H.L. Menken, the Bard of Baltimore, once opined: “For every complex human problem, there is a solution that is neat, simple and wrong”. This is one of them. The Post suggested that only entities that have “adequate [cyber] defenses” would be compensated for their costs of data recovery after a ransomware attack, suggesting that ransomware vulnerability is somehow evidence of moral corruption or lack of will. Entities “good” and “bad” are hit by all manner of cyberattacks including ransomware—for all manner of motives, including, as we now see, response to U.S. cyberattacks. Entities with comprehensive cybersecurity programs may reduce the likelihood or impact of a ransomware attack, but we should not condition government response and coordination on “moral blame”. Punishing the victim of a cyberattack through increased response costs is probably not an effective deterrent.

Certainly ransomware, extortion-ware and threatened denial-of-service attacks that are motivated by financial gain could be discouraged if everyone around the world refused to pay a ransom. This would mean, as the cities of Atlanta and Baltimore learned, paying tens or hundreds of millions of dollars in ransomware “cleanup” costs to avoid paying thousands of dollars in ransom.

There are reasons not to pay ransom wholly apart from economics. Hackers, governments, terrorists and others may use ransomware payments to finance other attacks, terrorism or other criminal activity, or to blunt the impact of economic sanctions. Companies that pay ransom risk inadvertently supporting these activities and the decision of whether to pay should be based on a broad-ranging risk/reward program that is not simply “it’s cheaper to pay”. Entities of all types should be encouraged to cooperate with (and rewarded for doing so) law enforcement agencies, government cyber security centres and cybersecurity and forensic companies that can share information about threat actors, their motives, tools and tactics. The problem includes extortion-ware—threatening to release stolen files or emails, threatening to turn over secrets to governments, selling trade secrets, threatening distributed denial of service attacks, doxing, revenge porn attacks, reputation-based attacks and even “pump and dump” SEC trading scams that rely on manipulating the reputation of a company with either accurate or inaccurate information. Any of these attacks—or threatened attacks—can be weaponized through the demand for extortionate payments.

Current U.S. policy appears to be that, while law enforcement does not encourage the ransomware payment, and it presents legal issues with respect to things such as U.S./U.N. sanctions, money laundering and cryptocurrency regulation and providing “material support” to bad guys, law enforcement will turn a blind eye to such payments—neither encouraging them nor outright prohibiting them. This is similar to the U.S. position about physical kidnapping and ransom. It may violate some laws, and the official position is to discourage it, “but if it was MY family …”. Indeed, insurance companies provide KRE (Kidnap, Ransom and Extortion) policies and cybercrime policies that are part of an effective program to respond to physical or electronic hostage-taking.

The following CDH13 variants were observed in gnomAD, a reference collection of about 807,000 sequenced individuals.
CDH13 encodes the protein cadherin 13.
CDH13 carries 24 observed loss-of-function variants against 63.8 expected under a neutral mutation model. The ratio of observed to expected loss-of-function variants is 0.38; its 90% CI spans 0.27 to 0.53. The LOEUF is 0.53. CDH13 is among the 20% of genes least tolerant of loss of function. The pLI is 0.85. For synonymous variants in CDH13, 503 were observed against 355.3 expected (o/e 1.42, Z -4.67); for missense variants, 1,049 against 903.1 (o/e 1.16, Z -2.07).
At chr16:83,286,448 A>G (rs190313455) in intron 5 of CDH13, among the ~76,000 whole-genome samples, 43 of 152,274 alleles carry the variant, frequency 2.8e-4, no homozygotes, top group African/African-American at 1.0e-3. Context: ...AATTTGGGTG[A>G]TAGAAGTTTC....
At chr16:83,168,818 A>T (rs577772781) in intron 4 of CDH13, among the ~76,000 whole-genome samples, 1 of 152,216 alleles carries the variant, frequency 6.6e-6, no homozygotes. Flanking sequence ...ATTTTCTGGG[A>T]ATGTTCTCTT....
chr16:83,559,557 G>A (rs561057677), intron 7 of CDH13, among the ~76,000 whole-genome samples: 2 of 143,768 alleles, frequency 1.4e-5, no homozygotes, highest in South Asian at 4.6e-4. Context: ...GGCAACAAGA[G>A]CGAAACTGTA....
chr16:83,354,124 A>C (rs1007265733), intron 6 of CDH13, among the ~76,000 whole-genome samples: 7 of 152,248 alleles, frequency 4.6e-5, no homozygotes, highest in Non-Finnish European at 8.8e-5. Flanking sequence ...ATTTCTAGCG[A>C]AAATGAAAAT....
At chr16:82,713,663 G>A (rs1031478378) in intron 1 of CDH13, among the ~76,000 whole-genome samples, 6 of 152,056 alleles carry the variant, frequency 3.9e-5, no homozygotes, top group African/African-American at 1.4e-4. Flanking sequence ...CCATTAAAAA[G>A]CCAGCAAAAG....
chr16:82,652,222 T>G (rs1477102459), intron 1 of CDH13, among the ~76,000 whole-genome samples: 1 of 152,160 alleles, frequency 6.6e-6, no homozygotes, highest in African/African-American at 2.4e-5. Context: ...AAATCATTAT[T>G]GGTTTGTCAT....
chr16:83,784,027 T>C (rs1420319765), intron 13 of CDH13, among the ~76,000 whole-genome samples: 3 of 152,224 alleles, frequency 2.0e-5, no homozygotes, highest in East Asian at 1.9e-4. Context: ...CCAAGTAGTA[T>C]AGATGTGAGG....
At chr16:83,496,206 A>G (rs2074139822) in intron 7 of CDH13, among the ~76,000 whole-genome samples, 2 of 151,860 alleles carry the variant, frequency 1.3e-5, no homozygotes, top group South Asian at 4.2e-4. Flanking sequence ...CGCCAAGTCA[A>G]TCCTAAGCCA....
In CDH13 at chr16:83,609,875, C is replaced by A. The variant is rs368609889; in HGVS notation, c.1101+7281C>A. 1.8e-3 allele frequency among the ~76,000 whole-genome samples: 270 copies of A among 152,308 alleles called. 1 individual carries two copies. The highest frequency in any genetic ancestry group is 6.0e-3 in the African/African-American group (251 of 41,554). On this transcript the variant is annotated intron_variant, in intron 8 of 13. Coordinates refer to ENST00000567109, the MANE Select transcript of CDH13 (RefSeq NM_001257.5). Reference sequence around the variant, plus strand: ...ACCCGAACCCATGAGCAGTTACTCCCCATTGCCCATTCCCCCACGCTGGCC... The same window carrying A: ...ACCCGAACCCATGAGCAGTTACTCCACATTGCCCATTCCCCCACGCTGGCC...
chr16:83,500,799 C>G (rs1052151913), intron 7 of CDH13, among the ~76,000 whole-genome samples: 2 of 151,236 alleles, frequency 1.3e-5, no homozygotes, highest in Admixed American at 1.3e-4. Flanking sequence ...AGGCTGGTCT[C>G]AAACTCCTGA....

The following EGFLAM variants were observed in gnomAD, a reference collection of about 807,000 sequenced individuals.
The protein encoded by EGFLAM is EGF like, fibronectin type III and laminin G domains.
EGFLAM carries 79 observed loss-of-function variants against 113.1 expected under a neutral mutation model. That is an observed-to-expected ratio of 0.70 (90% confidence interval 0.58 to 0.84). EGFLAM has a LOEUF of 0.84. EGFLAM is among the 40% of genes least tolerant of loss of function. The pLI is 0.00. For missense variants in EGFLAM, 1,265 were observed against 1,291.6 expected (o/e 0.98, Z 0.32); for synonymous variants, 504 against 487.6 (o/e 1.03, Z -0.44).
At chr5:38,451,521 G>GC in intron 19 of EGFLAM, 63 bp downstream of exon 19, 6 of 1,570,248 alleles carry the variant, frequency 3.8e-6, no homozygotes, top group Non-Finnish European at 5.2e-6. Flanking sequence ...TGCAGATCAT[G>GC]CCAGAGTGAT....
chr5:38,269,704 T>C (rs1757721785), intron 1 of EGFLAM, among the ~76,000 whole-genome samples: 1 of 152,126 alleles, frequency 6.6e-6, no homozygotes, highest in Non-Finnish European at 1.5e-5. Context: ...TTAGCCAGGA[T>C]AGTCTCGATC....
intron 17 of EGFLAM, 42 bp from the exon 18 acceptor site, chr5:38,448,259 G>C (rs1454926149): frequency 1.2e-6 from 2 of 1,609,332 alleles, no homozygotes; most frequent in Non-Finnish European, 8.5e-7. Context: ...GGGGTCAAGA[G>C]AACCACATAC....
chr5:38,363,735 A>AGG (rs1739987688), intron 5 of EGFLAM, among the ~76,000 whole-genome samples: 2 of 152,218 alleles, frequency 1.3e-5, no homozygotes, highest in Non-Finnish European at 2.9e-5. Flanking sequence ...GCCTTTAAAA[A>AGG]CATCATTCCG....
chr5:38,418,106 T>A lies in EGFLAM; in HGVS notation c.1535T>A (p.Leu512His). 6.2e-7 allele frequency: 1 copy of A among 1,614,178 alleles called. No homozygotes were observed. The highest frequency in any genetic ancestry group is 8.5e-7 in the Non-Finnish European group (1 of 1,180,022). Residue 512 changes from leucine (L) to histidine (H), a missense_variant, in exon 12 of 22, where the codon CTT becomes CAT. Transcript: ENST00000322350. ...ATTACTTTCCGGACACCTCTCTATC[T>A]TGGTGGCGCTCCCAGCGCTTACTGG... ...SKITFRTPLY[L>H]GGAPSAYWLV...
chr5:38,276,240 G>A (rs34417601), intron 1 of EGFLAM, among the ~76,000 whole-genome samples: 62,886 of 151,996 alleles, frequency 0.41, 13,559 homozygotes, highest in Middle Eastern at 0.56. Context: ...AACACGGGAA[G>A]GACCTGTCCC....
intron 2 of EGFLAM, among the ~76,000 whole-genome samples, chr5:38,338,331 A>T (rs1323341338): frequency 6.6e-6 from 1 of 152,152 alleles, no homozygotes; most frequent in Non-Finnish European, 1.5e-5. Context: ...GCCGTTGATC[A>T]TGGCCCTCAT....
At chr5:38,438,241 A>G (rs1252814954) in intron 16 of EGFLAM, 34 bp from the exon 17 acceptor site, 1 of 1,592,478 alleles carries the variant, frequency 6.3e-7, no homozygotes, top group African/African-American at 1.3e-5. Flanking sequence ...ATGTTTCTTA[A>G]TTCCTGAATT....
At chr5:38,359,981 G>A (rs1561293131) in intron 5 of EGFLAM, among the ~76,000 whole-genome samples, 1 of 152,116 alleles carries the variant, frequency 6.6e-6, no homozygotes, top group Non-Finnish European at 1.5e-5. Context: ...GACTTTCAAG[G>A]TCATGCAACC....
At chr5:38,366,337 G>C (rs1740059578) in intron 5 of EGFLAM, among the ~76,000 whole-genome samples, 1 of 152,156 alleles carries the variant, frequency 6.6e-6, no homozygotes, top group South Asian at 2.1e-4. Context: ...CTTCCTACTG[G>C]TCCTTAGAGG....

The Post concluded that “An anti-ransom law would be a dramatic step, but it’s the route to a dramatically positive result”. If you were on the operating table when the robot performing your surgery was shut down because the hospital refused to pay $500 to get it up and running, I’m not sure you would agree with the “dramatically positive result”.

Modernized Ransomware GoldPhish

US mayors: No more ransomware payments

More than 225 U.S. mayors agreed to not pay a ransom in the event of a cyberattack, according to the 2019 list of resolutions from the U.S. Conference of Mayors. Paying a ransom “encourages continued attacks” on government entities and financially supports malicious actors, the mayors said. The group has a “vested interest in de-incentivising” future attacks. There have been at least 170 cyberattacks on country, city or state government systems since 2013 and 22 happened in 2019, according to the mayors’ resolution. High profile attacks, like Baltimore’s, have gained national attention.

To pay or not to pay? What is more important to you? Economics or morality?

Paying a ransom is always a gamble: There’s no guarantee victims will have their records or full operations restored, there’s also no promise the attackers didn’t keep a digital copy and it almost certainly fuel another attack of some kind.